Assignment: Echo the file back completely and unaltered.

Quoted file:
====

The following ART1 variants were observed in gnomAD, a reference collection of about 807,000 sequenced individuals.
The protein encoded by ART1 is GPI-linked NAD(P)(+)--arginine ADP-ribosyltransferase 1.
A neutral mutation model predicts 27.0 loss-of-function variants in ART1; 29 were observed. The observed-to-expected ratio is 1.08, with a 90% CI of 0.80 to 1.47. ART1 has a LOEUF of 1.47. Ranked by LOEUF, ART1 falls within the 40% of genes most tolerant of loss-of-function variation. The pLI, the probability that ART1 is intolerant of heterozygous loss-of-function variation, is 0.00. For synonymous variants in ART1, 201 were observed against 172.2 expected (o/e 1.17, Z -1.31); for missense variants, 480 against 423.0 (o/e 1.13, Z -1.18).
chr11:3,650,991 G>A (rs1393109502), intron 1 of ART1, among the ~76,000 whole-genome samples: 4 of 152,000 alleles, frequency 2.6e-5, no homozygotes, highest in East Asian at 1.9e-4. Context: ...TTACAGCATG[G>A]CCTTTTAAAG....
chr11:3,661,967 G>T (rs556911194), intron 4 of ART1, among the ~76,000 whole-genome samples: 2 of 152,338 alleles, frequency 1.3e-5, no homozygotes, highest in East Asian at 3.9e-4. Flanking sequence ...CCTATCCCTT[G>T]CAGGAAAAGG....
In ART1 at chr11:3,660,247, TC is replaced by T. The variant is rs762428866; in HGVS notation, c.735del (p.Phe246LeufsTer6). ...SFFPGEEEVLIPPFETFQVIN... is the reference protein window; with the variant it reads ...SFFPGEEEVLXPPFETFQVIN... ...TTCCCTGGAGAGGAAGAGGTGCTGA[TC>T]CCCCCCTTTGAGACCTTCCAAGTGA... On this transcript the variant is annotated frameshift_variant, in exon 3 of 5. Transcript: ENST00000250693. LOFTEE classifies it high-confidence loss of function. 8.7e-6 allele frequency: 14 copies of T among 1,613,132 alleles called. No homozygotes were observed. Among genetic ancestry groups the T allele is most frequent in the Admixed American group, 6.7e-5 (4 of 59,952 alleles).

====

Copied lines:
The following ART1 variants were observed in gnomAD, a reference collection of about 807,000 sequenced individuals.
The protein encoded by ART1 is GPI-linked NAD(P)(+)--arginine ADP-ribosyltransferase 1.
A neutral mutation model predicts 27.0 loss-of-function variants in ART1; 29 were observed. The observed-to-expected ratio is 1.08, with a 90% CI of 0.80 to 1.47. ART1 has a LOEUF of 1.47. Ranked by LOEUF, ART1 falls within the 40% of genes most tolerant of loss-of-function variation. The pLI, the probability that ART1 is intolerant of heterozygous loss-of-function variation, is 0.00. For synonymous variants in ART1, 201 were observed against 172.2 expected (o/e 1.17, Z -1.31); for missense variants, 480 against 423.0 (o/e 1.13, Z -1.18).
chr11:3,650,991 G>A (rs1393109502), intron 1 of ART1, among the ~76,000 whole-genome samples: 4 of 152,000 alleles, frequency 2.6e-5, no homozygotes, highest in East Asian at 1.9e-4. Context: ...TTACAGCATG[G>A]CCTTTTAAAG....
chr11:3,661,967 G>T (rs556911194), intron 4 of ART1, among the ~76,000 whole-genome samples: 2 of 152,338 alleles, frequency 1.3e-5, no homozygotes, highest in East Asian at 3.9e-4. Flanking sequence ...CCTATCCCTT[G>T]CAGGAAAAGG....
In ART1 at chr11:3,660,247, TC is replaced by T. The variant is rs762428866; in HGVS notation, c.735del (p.Phe246LeufsTer6). ...SFFPGEEEVLIPPFETFQVIN... is the reference protein window; with the variant it reads ...SFFPGEEEVLXPPFETFQVIN... ...TTCCCTGGAGAGGAAGAGGTGCTGA[TC>T]CCCCCCTTTGAGACCTTCCAAGTGA... On this transcript the variant is annotated frameshift_variant, in exon 3 of 5. Transcript: ENST00000250693. LOFTEE classifies it high-confidence loss of function. 8.7e-6 allele frequency: 14 copies of T among 1,613,132 alleles called. No homozygotes were observed. Among genetic ancestry groups the T allele is most frequent in the Admixed American group, 6.7e-5 (4 of 59,952 alleles).